Stop Having Sucky 1:1s with Your Manager

One-on-ones… Everyone has them. Sometimes they feel like a waste of time. But it doesn’t have to be that way.

What if 1:1s could be a tool to further your career? What if they could be more enjoyable to both you and your manager?

1:1s are more important than most people realize. Your manager is not responsible for your career, so you need to take the initiative.

A manager is like a raid leader trying to shepherd a party through a dungeon. They are trying to communicate to a lot of people under pressure. Their attention is divided. They have many party members with distinct talents and personalities.

Yet if you want to get promoted, your manager is the most important person in the world to get on your side.

No one really teaches you how to have good 1:1s, so this is where I come in. I’ve been in plenty of meetings, both good and bad. I want to share my secrets of how I have awesome 1:1s, and how I used these golden meetings to get promoted faster and easier than my peers.

Let’s get started.

What do you want?

The place to begin is the end. What do you want?

  • Do you want to get a raise?
  • Do you want to get promoted?
  • Do you want to work fewer hours?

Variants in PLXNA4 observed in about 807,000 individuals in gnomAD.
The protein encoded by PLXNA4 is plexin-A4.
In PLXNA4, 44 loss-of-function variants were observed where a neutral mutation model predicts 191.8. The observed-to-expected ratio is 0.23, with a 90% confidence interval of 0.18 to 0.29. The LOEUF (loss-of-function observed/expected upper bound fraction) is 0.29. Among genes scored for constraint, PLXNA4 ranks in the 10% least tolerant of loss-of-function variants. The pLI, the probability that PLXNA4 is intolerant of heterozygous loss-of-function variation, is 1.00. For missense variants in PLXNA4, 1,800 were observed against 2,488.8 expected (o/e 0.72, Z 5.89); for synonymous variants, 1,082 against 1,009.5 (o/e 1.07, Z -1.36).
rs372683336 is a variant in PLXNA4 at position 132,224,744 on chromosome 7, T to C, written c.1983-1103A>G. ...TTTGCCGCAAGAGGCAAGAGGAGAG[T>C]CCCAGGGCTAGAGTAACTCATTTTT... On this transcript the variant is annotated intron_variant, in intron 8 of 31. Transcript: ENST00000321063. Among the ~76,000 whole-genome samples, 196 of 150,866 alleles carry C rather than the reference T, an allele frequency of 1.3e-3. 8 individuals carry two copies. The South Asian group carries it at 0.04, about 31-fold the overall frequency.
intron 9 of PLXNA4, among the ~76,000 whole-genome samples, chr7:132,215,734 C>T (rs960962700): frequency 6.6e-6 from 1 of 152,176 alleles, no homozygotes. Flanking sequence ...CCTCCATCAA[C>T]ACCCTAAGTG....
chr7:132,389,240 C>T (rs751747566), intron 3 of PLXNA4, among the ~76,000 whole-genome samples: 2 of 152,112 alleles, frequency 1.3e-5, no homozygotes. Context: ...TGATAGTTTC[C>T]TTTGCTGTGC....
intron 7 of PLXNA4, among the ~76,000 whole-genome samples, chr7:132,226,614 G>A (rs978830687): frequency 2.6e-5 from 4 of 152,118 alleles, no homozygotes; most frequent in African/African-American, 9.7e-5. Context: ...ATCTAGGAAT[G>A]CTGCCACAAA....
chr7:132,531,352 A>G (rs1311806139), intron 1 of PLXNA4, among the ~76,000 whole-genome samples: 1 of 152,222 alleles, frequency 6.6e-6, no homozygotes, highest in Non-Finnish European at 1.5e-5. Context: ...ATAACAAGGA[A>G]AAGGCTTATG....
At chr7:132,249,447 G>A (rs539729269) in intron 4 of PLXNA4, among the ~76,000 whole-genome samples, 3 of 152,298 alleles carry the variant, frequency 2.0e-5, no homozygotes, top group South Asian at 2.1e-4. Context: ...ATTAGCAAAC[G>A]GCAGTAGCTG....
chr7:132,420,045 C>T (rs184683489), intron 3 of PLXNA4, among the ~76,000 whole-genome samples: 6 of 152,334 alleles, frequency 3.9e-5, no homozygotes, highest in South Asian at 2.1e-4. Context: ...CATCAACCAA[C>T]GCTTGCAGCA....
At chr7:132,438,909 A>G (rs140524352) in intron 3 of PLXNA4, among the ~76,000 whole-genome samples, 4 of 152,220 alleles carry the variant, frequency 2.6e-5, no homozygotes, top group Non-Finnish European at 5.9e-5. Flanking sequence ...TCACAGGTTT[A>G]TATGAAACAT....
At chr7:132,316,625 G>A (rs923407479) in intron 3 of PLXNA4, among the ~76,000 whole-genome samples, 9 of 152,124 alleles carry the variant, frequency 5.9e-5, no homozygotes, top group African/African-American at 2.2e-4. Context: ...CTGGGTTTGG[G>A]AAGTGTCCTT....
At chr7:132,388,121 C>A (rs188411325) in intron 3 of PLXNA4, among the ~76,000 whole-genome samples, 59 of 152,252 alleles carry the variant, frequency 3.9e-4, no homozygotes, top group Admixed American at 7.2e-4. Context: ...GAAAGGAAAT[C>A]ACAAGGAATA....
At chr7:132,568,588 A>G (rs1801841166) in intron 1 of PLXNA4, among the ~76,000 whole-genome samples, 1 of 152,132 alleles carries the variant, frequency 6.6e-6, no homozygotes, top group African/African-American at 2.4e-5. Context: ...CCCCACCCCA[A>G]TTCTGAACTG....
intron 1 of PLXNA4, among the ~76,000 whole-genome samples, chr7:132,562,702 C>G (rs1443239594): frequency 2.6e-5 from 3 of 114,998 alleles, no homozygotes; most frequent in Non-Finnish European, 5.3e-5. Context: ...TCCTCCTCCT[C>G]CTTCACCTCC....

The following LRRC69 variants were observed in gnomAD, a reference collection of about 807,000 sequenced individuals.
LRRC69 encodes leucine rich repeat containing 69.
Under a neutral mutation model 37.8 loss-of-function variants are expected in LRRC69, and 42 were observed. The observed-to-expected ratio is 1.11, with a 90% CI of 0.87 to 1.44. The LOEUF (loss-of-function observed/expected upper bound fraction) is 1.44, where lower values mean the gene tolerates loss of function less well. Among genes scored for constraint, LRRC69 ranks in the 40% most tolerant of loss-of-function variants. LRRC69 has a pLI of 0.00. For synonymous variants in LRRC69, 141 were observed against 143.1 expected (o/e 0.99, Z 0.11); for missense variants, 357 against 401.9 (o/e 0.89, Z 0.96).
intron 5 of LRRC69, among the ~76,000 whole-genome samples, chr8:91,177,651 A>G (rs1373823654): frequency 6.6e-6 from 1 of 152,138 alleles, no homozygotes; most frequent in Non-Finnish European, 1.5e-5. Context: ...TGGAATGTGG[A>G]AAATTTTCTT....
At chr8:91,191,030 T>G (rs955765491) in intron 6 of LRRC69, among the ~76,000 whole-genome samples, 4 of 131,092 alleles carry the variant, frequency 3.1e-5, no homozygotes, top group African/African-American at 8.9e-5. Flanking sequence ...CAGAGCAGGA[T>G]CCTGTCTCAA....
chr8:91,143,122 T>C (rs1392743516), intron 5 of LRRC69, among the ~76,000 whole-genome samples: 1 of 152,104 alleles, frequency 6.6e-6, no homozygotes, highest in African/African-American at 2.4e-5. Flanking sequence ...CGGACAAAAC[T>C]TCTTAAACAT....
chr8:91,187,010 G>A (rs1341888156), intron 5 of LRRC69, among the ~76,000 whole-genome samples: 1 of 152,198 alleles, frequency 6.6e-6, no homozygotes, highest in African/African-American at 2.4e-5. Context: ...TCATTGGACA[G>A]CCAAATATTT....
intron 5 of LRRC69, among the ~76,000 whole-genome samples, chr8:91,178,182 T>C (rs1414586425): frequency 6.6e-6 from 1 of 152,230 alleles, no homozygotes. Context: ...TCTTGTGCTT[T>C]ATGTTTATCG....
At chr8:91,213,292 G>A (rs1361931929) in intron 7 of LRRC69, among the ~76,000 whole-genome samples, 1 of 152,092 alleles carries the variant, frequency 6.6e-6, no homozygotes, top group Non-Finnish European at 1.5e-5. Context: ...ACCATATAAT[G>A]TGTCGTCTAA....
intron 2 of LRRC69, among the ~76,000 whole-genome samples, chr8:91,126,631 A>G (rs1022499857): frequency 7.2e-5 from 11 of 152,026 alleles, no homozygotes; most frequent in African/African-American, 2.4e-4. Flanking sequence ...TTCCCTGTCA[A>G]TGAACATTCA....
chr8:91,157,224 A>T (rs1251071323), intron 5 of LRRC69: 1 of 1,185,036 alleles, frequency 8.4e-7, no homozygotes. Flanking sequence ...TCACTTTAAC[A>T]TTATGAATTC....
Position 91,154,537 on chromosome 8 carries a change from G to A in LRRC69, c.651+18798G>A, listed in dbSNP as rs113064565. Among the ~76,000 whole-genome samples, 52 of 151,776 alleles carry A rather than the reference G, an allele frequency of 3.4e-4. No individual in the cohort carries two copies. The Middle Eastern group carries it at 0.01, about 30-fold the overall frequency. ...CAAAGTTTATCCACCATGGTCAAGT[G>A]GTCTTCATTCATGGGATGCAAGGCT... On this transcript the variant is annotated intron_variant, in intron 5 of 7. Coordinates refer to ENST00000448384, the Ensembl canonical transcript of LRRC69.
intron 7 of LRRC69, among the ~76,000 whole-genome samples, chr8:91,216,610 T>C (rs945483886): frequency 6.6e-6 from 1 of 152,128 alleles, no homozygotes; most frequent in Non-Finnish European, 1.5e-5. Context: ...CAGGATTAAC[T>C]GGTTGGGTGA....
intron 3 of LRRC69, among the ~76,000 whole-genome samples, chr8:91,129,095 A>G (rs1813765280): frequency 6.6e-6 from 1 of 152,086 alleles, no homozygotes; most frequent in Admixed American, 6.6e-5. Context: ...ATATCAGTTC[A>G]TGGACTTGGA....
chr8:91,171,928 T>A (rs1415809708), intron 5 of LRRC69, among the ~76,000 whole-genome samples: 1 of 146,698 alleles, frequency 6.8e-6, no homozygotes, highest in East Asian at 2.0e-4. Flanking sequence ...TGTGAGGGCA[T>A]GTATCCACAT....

• Do you want to change projects?
  • Are you looking to leave the company with a new skill?

Decide what you want. Then, structure your 1:1s to further your goals.

Structure

Most people don’t think about the structure of their 1:1s (nor their presentations). They mumble and ramble and give a 30 minutes status update. Status is fine, but you don’t need 30 minutes to talk about status.

Instead, we’re going to use our time wisely. 1:1s are a time for you get the attention of your manager.

That means we’re going to put the most important thing first.

Write down what you want to talk about ahead of the meeting. My manager and I have a shared Google Doc. You can use paper or attach notes to the digital calendar event. Find something that works well for collecting your thoughts.

Then, make a list of the things you want to talk about. For me, this usually looks like

  1. Perf (performance reviews)
  2. Strategic questions
  3. Project A
  4. Project B
  5. Project C
  6. Low-priority questions

To me, perf is the first thing because it is the most important thing. Every week, I ask my manager questions like:

  • What is my expected rating for this cycle?
  • What do I need to do to get to the next level?
  • What evidence do I need to prove that I’m performing at the next level?

I wanted to get promoted so I could get a raise. That was the first thing I talked about in each 1:1. This reminded my manager every week that promotion and a raise were my goals and I needed his help to achieve it. After each meeting, I would take the answers to these questions and implement them, and report my progress in our next 1:1.

Second, I asked strategic questions. These are high level questions about our team, our projects, and how my work fits in with the big picture. Some weeks, I don’t have any strategic questions.

Next, I had bullet points for the major projects and features I’m working on. I mentioned difficult bugs, recently completed work, and blockers. My manager usually has a few questions about specific tasks.